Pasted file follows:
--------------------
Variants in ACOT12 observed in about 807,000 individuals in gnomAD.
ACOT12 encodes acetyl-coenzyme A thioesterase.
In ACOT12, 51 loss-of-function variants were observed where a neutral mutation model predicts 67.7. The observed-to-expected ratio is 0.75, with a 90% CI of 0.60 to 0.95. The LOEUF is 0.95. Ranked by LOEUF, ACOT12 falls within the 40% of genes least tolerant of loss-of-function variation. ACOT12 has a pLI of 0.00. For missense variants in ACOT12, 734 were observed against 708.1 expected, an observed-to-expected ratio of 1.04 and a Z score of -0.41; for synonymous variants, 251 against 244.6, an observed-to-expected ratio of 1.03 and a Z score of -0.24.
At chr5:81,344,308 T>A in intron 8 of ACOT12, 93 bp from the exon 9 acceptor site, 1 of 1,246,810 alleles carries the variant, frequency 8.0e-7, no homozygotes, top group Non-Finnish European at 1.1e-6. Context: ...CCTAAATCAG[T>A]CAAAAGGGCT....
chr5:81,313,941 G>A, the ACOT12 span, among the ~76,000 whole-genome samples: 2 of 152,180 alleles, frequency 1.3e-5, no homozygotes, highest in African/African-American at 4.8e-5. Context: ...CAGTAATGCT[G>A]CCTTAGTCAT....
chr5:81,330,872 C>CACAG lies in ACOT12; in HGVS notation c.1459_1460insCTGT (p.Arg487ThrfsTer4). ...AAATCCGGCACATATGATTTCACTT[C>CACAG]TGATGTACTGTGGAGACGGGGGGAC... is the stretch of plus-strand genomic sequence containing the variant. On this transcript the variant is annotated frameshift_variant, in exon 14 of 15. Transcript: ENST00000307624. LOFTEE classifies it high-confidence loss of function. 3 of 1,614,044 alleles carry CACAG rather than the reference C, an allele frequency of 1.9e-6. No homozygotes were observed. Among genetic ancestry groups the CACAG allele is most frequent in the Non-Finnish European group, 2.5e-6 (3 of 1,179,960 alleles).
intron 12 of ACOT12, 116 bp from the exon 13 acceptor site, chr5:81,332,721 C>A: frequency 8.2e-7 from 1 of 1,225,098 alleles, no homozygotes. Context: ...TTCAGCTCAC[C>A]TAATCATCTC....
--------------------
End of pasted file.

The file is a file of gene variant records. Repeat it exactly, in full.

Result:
Variants in ACOT12 observed in about 807,000 individuals in gnomAD.
ACOT12 encodes acetyl-coenzyme A thioesterase.
In ACOT12, 51 loss-of-function variants were observed where a neutral mutation model predicts 67.7. The observed-to-expected ratio is 0.75, with a 90% CI of 0.60 to 0.95. The LOEUF is 0.95. Ranked by LOEUF, ACOT12 falls within the 40% of genes least tolerant of loss-of-function variation. ACOT12 has a pLI of 0.00. For missense variants in ACOT12, 734 were observed against 708.1 expected, an observed-to-expected ratio of 1.04 and a Z score of -0.41; for synonymous variants, 251 against 244.6, an observed-to-expected ratio of 1.03 and a Z score of -0.24.
At chr5:81,344,308 T>A in intron 8 of ACOT12, 93 bp from the exon 9 acceptor site, 1 of 1,246,810 alleles carries the variant, frequency 8.0e-7, no homozygotes, top group Non-Finnish European at 1.1e-6. Context: ...CCTAAATCAG[T>A]CAAAAGGGCT....
chr5:81,313,941 G>A, the ACOT12 span, among the ~76,000 whole-genome samples: 2 of 152,180 alleles, frequency 1.3e-5, no homozygotes, highest in African/African-American at 4.8e-5. Context: ...CAGTAATGCT[G>A]CCTTAGTCAT....
chr5:81,330,872 C>CACAG lies in ACOT12; in HGVS notation c.1459_1460insCTGT (p.Arg487ThrfsTer4). ...AAATCCGGCACATATGATTTCACTT[C>CACAG]TGATGTACTGTGGAGACGGGGGGAC... is the stretch of plus-strand genomic sequence containing the variant. On this transcript the variant is annotated frameshift_variant, in exon 14 of 15. Transcript: ENST00000307624. LOFTEE classifies it high-confidence loss of function. 3 of 1,614,044 alleles carry CACAG rather than the reference C, an allele frequency of 1.9e-6. No homozygotes were observed. Among genetic ancestry groups the CACAG allele is most frequent in the Non-Finnish European group, 2.5e-6 (3 of 1,179,960 alleles).
intron 12 of ACOT12, 116 bp from the exon 13 acceptor site, chr5:81,332,721 C>A: frequency 8.2e-7 from 1 of 1,225,098 alleles, no homozygotes. Context: ...TTCAGCTCAC[C>A]TAATCATCTC....